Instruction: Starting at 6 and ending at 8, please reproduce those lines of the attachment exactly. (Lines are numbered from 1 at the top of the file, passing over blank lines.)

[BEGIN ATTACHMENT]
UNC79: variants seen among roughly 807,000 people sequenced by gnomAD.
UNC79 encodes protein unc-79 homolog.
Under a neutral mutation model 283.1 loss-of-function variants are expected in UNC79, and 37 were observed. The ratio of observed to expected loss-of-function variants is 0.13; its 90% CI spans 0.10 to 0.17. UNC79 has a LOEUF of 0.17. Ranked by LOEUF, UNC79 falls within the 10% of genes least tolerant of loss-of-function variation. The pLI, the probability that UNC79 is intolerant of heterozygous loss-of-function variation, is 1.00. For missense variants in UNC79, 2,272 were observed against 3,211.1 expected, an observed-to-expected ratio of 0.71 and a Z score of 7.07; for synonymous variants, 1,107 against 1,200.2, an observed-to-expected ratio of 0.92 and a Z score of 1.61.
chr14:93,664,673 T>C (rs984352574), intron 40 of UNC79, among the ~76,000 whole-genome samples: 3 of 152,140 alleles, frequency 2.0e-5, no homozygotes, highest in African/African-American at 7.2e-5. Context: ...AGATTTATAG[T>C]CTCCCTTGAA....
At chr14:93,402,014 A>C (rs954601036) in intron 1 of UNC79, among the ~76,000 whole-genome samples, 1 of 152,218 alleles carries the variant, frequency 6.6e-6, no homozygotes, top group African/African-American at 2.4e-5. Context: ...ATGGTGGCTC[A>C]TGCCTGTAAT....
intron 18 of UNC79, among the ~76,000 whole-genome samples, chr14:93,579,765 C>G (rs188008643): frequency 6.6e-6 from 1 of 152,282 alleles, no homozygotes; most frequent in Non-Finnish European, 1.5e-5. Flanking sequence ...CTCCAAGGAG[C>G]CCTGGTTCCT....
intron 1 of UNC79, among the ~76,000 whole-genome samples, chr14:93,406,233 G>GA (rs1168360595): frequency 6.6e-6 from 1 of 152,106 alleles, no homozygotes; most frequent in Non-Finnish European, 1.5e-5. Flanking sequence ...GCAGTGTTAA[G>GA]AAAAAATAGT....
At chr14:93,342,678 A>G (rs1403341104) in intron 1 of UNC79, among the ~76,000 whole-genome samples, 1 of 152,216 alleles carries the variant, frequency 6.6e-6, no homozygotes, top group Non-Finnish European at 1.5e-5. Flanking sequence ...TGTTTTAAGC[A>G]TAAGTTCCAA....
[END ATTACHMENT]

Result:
intron 18 of UNC79, among the ~76,000 whole-genome samples, chr14:93,579,765 C>G (rs188008643): frequency 6.6e-6 from 1 of 152,282 alleles, no homozygotes; most frequent in Non-Finnish European, 1.5e-5. Flanking sequence ...CTCCAAGGAG[C>G]CCTGGTTCCT....
intron 1 of UNC79, among the ~76,000 whole-genome samples, chr14:93,406,233 G>GA (rs1168360595): frequency 6.6e-6 from 1 of 152,106 alleles, no homozygotes; most frequent in Non-Finnish European, 1.5e-5. Flanking sequence ...GCAGTGTTAA[G>GA]AAAAAATAGT....
At chr14:93,342,678 A>G (rs1403341104) in intron 1 of UNC79, among the ~76,000 whole-genome samples, 1 of 152,216 alleles carries the variant, frequency 6.6e-6, no homozygotes, top group Non-Finnish European at 1.5e-5. Flanking sequence ...TGTTTTAAGC[A>G]TAAGTTCCAA....